The importance of work-based strains negatively impacting the sex lives of employees has been documented as the boundary between work and home life continues to erode with the rise of working from home and expectations of availability, which can prevent employees from engaging in physical intimacy the following day. In 2017, Leavitt, Barnes, et al. stated that those who are seeking advancement in their organisations, those who are self-employed, and those who rely on engagement at work to generate income should be ‘mindful of tending to their sex lives’.

If there is a correlation between physical intimacy and the success of an organisation the following day, it would be important to comprehend the underlying mechanism. Sex is commonly viewed as a mood enhancer and even a source of support for depressed individuals. During sex, dopamine is released, which helps to focus attention and generally increases motivation; endorphins reduce the stresses of daily life and can give a person a temporary ‘high'; blood pressure is generally lower in those who engage in sex, allowing them to adapt better to more stressful situations; and oxytocin increases the feelings of compassion and affection.

Oxytocin is a neuropeptide released during sex. The effects of oxytocin have been shown to affect people's ability to ‘mind-read', which involves using external cues such as facial expression to interpret or predict the behaviour of another person. It has been demonstrated that intranasal administration of oxytocin significantly enhances the capacity for affective mind-reading and the interpretation of subtle social cues from the eye region of other individuals. Mind-reading is crucial in all types of human social interactions, including the workplace. It's believed that oxytocin promotes social approach, affiliation, and trusting behaviour.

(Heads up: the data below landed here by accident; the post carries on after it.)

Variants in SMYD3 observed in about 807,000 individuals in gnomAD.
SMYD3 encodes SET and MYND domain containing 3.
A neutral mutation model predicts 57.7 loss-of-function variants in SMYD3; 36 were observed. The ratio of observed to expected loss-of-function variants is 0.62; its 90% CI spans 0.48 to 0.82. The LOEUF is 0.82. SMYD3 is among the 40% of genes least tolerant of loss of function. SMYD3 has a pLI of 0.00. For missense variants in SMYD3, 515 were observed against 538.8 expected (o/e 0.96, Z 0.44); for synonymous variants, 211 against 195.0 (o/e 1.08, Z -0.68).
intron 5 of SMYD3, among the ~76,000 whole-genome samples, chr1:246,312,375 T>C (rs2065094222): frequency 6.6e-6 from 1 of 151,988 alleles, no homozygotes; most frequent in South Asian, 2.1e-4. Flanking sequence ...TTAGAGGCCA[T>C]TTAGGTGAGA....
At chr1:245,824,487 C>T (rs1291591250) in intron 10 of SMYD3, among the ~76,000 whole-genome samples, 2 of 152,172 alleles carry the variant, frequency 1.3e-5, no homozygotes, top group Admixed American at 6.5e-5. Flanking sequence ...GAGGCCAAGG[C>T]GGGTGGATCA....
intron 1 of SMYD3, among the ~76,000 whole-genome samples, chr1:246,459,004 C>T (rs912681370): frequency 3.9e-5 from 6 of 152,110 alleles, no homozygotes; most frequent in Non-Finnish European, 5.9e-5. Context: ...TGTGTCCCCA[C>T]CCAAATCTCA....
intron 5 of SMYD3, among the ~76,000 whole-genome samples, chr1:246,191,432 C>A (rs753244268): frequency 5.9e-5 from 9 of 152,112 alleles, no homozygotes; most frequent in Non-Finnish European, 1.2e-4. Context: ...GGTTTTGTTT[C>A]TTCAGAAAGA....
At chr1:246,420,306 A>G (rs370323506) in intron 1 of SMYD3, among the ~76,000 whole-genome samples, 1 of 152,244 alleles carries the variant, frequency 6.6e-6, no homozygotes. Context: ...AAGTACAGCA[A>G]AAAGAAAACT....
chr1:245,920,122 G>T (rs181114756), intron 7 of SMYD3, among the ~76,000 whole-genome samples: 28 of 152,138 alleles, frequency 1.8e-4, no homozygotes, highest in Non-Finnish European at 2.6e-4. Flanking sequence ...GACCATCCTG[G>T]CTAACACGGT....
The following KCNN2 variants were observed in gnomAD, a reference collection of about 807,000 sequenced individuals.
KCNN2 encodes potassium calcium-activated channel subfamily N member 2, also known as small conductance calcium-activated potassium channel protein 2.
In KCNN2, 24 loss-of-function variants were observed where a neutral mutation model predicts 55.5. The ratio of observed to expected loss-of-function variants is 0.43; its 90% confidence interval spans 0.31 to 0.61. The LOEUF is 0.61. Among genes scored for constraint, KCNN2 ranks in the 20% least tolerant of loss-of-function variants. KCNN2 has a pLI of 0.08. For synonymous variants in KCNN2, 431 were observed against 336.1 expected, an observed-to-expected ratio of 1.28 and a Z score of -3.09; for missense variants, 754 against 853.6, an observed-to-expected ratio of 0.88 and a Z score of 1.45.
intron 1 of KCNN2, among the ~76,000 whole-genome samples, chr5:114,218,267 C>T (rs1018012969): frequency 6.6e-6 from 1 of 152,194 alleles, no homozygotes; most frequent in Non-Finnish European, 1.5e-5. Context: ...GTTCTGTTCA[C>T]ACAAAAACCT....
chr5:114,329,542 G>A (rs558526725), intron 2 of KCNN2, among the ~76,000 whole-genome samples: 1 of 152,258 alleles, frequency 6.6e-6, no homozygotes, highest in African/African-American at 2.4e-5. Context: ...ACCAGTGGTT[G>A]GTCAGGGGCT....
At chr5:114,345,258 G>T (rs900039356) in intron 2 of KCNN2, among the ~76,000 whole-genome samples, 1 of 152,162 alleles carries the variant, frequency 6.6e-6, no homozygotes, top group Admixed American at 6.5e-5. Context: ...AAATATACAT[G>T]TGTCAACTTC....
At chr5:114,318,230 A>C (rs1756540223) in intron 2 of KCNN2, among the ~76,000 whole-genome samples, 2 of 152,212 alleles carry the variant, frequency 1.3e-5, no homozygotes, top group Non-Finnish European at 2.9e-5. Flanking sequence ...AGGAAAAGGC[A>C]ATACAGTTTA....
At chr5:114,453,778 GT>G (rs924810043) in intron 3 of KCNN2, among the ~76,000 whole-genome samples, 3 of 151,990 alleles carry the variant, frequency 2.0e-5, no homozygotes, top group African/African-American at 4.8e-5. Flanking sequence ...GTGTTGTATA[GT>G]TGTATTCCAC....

Oxytocin, its connection to trusting behaviour, and its potential influence on workplace relationships have been studied. Oxytocin has been demonstrated to influence a person's trustworthiness and facilitate cooperative interactions. Many companies invest money in team-building exercises and already recognise the importance of interpersonal skills in the workplace, so trust and the ability to work well with others are essential foundations for workplace situations.

Sexual activity has been found to cause the release of oxytocin and vasopressin, which leads to more civil and engaging interactions with coworkers and customers. As a result of this finding, it has been suggested that additional research be conducted in this area to determine the impact that sex can have the following day on interpersonal workplace behaviours.

Carla Crivaro is a trauma-informed and certified Sex, Love & Relationship Coach, she works with men and women internationally to reach their goals in delicious sex, profound love and authentic relationships. Carla helps men and women understand themselves and each other, sexually and relationally, in and out of the bedroom. You can reach her at

Read Part 2 here: